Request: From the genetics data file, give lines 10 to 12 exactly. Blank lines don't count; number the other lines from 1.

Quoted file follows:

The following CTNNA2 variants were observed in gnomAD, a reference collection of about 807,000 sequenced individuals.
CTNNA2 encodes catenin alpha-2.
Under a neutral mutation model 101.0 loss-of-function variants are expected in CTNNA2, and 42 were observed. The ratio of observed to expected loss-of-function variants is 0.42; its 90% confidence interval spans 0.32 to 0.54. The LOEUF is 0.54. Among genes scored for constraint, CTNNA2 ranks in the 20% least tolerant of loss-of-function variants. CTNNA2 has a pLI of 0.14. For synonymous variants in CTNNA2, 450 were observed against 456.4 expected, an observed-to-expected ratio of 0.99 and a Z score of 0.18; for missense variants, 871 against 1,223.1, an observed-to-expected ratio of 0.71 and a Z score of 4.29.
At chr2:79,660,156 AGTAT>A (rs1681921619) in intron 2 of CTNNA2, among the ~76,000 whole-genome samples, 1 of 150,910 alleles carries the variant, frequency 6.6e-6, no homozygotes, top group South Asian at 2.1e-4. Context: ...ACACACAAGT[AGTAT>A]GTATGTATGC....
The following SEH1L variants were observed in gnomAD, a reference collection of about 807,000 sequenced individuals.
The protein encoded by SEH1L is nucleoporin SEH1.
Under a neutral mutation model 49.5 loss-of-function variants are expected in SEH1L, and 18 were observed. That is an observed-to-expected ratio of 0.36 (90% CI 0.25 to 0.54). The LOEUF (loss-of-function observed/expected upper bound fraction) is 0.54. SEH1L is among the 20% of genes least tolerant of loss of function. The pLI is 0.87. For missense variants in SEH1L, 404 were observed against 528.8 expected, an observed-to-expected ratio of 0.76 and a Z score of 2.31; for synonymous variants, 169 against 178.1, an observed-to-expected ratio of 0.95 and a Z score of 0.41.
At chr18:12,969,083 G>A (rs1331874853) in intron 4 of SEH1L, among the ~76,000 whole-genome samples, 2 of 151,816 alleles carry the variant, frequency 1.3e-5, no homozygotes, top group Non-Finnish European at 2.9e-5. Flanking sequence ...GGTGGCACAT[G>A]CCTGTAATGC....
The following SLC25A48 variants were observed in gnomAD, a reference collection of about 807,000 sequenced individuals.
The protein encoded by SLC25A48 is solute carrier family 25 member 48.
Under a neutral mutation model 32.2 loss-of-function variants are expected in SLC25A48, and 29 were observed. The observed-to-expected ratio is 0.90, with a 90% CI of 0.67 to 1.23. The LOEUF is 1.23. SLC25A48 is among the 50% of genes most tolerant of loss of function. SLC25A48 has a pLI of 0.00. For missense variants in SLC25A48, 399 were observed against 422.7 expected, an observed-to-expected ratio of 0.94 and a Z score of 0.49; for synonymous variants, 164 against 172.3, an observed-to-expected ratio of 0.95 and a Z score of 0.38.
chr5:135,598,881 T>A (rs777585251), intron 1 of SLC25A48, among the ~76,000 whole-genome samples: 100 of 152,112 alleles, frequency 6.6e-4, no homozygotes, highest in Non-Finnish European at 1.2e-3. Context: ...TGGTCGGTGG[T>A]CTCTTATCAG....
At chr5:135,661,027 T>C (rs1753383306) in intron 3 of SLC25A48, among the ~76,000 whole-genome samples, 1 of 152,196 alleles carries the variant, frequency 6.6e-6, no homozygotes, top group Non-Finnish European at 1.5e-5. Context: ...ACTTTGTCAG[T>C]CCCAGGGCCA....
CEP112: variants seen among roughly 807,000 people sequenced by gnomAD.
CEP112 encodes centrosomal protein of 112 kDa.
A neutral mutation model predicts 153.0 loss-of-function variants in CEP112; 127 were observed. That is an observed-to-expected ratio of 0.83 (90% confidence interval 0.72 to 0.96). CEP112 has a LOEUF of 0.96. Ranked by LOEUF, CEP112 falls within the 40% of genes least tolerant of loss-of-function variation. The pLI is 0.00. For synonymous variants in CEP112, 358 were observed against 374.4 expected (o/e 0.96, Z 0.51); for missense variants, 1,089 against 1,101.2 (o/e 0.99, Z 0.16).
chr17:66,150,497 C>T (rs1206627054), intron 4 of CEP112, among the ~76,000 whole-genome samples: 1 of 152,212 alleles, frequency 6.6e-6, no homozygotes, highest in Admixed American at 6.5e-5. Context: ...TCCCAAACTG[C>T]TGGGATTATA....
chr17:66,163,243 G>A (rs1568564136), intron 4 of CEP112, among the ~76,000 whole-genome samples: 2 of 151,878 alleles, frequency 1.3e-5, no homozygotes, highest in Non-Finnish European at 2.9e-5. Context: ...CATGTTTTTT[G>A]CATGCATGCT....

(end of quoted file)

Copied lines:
The protein encoded by SLC25A48 is solute carrier family 25 member 48.
Under a neutral mutation model 32.2 loss-of-function variants are expected in SLC25A48, and 29 were observed. The observed-to-expected ratio is 0.90, with a 90% CI of 0.67 to 1.23. The LOEUF is 1.23. SLC25A48 is among the 50% of genes most tolerant of loss of function. SLC25A48 has a pLI of 0.00. For missense variants in SLC25A48, 399 were observed against 422.7 expected, an observed-to-expected ratio of 0.94 and a Z score of 0.49; for synonymous variants, 164 against 172.3, an observed-to-expected ratio of 0.95 and a Z score of 0.38.
chr5:135,598,881 T>A (rs777585251), intron 1 of SLC25A48, among the ~76,000 whole-genome samples: 100 of 152,112 alleles, frequency 6.6e-4, no homozygotes, highest in Non-Finnish European at 1.2e-3. Context: ...TGGTCGGTGG[T>A]CTCTTATCAG....